Who’s your farmer?

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Where can you go to find nourishing, fresh foods that are easy on your wallet?


If you’re already buying fresh, whole foods at your local grocery store, that’s a great start. High-five!

But as we’ve seen, many of the fresh foods we love travel a long, long way to get to us.

Sometimes that can’t be helped. After all, unless you live in western Africa or South America, you probably don’t have coffee or cacao growing in your backyard.

Other times, though, we do have fresh, local foods available. Let us introduce you to one of our favorite hangouts: The farmers’ market.

Why shop at a farmers’ market? Why buy seasonally? Why buy locally?

Lots of reasons.


It’s often cheaper

The cost of food is on everyone’s mind these days. Yet compared to the rest of the world, North Americans actually spend the least on their food. In part, this is because we don’t always prioritize buying good foods.


Luckily, when you buy in season, you can often get great foods for dirt cheap. (See what we did there?)


The quality is better

Remember our tomato story from Monday? Ever wonder why tomatoes in the supermarket in winter look and taste like pink softballs?

It’s because they are genetically modified to be tough enough for mechanical picking. In other words, they’re picked unripe, shipped thousands of miles, then artificially ripened using ethylene gas. Blech!

Now imagine picking a plump red tomato off the vine in late summer — it’ll be juicy, sweet and delicious and bursting with valuable nutrients.


You support small family farmers

Most farms in North America and in India are small farms.

Most farmers make way less income as compared to most of us in a year.

Think about it: The folks who keep you fed can barely put food on their own tables.

So why not support your local economy and family farms in your communities with your food dollars/Rupees?

Buying fresh, local food helps you get and stay lean and healthy by eating nutritiously.

It helps you get high quality, tasty foods.

And it helps your local community and economy.

Everyone wins!


Start foraging

Today your mission is to find a farmers’ market.

Visit that farmers’ market and purchase all the food you need for one day’s worth of eating. Get fruits, veggies, lean meats, grains, eggs, or whatever fits into your plan.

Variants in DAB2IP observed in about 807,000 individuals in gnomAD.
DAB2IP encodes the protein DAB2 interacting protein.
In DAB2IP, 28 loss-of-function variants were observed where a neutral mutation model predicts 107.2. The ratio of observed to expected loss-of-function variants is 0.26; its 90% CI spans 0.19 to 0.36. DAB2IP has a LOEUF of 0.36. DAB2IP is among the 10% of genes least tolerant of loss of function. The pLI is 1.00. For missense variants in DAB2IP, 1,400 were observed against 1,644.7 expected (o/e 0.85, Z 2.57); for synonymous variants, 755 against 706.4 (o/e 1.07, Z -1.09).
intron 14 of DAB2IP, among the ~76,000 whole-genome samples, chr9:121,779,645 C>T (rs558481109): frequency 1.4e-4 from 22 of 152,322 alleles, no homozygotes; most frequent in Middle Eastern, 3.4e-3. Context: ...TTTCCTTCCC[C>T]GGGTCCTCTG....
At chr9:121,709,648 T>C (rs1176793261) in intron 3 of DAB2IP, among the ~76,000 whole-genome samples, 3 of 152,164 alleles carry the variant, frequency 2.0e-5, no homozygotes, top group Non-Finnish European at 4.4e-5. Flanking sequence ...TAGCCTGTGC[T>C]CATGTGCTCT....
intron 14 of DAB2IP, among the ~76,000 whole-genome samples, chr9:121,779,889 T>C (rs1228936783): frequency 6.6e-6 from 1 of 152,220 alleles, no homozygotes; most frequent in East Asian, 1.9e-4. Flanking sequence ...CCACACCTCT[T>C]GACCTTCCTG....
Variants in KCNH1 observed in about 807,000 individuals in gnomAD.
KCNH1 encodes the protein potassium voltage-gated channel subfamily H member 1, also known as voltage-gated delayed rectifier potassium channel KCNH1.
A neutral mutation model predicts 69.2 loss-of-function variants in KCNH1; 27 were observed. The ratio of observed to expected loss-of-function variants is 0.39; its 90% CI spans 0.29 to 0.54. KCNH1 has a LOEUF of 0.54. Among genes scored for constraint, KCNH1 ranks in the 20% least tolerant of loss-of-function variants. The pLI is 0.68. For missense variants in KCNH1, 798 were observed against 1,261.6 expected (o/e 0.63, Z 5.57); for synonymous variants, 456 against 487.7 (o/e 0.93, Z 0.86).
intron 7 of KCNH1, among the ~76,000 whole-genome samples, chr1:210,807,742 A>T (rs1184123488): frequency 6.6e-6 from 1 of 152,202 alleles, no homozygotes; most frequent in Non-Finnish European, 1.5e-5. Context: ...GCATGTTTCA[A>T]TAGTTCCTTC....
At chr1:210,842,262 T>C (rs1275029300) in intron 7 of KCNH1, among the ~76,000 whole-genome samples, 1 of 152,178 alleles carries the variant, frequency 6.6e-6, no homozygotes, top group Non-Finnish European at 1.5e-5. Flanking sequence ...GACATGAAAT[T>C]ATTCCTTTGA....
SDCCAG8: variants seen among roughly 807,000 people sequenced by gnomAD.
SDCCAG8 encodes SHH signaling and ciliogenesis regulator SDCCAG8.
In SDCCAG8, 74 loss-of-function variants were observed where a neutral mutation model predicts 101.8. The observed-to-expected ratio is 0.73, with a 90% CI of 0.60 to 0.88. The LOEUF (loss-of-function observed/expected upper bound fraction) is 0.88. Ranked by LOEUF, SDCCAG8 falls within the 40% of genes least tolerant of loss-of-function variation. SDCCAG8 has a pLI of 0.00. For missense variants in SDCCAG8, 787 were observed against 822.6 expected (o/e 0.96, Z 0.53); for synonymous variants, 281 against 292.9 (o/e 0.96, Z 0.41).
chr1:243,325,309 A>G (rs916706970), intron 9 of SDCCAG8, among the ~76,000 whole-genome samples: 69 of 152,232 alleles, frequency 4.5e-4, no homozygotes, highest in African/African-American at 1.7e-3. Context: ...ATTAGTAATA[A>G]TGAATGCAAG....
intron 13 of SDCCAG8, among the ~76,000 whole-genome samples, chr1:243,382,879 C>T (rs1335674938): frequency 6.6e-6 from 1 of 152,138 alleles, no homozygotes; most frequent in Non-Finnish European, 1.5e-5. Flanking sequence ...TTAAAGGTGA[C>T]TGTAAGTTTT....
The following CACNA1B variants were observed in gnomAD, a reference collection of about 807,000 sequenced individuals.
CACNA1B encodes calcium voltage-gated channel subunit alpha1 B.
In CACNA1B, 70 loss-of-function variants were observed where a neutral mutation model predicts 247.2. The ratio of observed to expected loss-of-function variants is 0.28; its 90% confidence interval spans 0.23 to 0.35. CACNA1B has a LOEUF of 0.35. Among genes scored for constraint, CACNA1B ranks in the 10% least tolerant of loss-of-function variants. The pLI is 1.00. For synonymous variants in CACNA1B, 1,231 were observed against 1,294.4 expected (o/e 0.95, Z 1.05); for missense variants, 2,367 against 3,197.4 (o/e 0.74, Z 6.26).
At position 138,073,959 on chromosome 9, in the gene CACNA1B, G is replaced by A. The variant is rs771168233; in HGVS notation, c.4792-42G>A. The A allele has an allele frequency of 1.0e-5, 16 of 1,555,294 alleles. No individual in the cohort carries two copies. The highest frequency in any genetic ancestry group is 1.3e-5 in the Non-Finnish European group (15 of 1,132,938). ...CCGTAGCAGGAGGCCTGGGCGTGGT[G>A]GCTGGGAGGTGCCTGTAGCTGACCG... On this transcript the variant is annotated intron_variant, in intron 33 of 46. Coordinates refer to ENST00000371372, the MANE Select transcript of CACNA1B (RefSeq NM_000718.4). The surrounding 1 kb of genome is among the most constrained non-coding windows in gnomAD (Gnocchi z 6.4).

Just make sure the entire day’s menu is purchased at the market. And do your best to make sure it’s all locally grown stuff.

That’s right, no mangoes unless you live in Hawaii.

So, where the heck are you going to find farmers’ markets? Well, behold the magic of the web.

How do you know it’s grown locally? Easy! Just ask the farmer at the market where the food comes from.

You’ll get to know the folks who bring you your food, and, if you’re nice, they may slip ya some free beets or a few fresh free-range eggs.

If the weather’s still cold where you live, you’re not off the hook. You can also:


  • Look for an indoor market in your area.
  • Wait for market season to start.
  • Use the links to locate farms or other stores in your area that sell foods directly from local suppliers.
  • Ask your grocery store manager to start stocking more local foods.


Don’t worry if you can’t do this assignment right away. Just be sure that sometime over the next few months, you find a market or store, buy a day’s worth of foods, and enjoy a whole day of local meals.

What to do today

Find a farmers market or market that supplies local food.

Buy a day’s worth of food.

Purchase all the food you need for one day’s worth of eating. Choose the foods you like and that fit into your plan.

Just make sure the entire day’s menu is purchased at the market and made up of locally grown foods.


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